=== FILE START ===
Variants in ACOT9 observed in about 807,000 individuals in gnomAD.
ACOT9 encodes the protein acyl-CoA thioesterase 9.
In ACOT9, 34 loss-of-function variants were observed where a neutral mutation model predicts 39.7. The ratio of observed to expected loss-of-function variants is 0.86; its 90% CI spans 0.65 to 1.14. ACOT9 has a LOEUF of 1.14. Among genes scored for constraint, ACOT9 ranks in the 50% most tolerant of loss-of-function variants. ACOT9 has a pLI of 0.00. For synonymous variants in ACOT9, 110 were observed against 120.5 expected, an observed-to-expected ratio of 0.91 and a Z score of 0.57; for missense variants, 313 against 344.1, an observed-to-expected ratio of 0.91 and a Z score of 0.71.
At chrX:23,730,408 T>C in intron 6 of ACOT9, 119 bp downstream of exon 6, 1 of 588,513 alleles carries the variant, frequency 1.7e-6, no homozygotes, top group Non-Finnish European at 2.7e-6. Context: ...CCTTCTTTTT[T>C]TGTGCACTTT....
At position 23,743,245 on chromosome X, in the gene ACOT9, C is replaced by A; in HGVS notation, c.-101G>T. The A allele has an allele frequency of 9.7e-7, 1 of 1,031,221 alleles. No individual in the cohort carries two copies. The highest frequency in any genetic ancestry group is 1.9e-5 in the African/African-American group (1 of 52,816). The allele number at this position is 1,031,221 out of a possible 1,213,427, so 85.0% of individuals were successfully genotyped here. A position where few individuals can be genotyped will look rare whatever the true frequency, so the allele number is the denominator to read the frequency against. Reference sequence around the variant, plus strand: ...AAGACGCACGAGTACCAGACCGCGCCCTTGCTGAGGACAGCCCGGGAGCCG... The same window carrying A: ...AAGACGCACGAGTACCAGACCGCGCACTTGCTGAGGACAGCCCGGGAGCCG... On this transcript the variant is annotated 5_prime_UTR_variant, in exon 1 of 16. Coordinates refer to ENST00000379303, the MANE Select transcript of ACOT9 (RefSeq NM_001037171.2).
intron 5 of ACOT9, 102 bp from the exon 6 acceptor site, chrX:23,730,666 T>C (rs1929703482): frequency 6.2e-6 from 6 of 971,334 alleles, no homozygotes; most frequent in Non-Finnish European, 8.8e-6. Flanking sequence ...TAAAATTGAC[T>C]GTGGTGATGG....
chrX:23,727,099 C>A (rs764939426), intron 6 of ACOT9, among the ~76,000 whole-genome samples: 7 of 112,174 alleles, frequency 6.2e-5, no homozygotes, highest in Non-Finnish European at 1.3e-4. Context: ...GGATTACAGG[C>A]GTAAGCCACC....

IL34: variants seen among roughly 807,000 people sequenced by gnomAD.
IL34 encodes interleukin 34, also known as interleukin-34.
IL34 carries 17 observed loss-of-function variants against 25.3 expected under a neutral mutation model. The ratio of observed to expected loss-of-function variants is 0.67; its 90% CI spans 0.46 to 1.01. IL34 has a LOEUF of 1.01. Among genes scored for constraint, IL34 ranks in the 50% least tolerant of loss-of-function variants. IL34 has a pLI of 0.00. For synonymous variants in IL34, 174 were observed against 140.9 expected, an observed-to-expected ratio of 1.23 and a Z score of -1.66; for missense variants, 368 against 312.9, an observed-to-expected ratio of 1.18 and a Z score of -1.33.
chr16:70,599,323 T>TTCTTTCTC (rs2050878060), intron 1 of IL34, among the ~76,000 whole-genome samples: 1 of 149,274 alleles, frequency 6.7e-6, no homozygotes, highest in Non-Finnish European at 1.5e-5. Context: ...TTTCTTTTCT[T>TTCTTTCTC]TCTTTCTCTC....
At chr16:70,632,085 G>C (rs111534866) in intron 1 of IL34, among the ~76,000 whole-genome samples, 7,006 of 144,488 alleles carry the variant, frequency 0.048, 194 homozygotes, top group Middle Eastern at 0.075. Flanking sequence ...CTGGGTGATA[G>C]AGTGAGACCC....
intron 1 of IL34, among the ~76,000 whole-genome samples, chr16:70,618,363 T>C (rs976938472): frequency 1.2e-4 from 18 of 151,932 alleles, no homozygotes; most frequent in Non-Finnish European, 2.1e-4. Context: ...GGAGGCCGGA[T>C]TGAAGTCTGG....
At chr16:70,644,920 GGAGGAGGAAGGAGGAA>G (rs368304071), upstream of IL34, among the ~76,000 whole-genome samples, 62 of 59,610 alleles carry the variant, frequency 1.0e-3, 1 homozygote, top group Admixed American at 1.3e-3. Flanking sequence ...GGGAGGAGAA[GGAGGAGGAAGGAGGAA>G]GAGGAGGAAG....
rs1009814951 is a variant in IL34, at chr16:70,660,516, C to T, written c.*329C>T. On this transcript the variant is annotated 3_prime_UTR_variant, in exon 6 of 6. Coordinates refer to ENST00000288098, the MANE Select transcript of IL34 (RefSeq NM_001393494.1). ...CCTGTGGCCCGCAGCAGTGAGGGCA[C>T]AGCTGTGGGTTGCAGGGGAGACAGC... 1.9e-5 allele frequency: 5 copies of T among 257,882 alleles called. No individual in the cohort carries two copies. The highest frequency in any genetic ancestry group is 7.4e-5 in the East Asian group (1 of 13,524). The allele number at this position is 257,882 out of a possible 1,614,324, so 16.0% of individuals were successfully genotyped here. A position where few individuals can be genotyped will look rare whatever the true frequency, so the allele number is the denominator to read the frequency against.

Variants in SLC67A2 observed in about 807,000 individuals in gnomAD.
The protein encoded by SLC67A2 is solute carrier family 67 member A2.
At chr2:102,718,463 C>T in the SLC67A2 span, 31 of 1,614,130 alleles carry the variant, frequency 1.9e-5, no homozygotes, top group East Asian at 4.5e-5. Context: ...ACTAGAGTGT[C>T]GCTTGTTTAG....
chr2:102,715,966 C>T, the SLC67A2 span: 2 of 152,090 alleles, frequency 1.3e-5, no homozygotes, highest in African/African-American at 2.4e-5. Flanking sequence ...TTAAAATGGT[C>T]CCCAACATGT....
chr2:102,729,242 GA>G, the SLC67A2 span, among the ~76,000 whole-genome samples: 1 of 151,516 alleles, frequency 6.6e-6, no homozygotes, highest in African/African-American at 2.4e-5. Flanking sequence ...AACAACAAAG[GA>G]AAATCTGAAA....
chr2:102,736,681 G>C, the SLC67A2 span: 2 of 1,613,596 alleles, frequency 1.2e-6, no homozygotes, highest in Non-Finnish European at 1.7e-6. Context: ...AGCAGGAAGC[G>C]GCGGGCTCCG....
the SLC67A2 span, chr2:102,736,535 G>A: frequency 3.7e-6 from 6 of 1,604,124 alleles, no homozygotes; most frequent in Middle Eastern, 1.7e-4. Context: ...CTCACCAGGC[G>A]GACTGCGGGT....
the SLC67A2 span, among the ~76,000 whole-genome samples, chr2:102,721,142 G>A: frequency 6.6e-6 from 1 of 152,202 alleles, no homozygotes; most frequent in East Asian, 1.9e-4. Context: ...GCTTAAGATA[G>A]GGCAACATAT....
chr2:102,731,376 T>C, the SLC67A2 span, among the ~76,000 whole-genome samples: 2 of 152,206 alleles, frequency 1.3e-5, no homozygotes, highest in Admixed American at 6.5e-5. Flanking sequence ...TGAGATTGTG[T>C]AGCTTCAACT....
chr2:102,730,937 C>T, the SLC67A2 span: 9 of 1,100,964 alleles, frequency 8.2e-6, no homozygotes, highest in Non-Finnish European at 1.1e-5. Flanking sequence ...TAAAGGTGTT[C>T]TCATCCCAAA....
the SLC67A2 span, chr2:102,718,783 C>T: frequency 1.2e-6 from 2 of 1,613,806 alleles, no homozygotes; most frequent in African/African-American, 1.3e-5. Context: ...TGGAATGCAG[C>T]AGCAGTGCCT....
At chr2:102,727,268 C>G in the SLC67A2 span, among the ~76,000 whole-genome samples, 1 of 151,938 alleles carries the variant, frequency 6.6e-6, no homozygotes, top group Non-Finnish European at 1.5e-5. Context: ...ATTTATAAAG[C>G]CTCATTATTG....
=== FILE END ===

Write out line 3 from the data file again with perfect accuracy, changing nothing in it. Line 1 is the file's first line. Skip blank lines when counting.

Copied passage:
In ACOT9, 34 loss-of-function variants were observed where a neutral mutation model predicts 39.7. The ratio of observed to expected loss-of-function variants is 0.86; its 90% CI spans 0.65 to 1.14. ACOT9 has a LOEUF of 1.14. Among genes scored for constraint, ACOT9 ranks in the 50% most tolerant of loss-of-function variants. ACOT9 has a pLI of 0.00. For synonymous variants in ACOT9, 110 were observed against 120.5 expected, an observed-to-expected ratio of 0.91 and a Z score of 0.57; for missense variants, 313 against 344.1, an observed-to-expected ratio of 0.91 and a Z score of 0.71.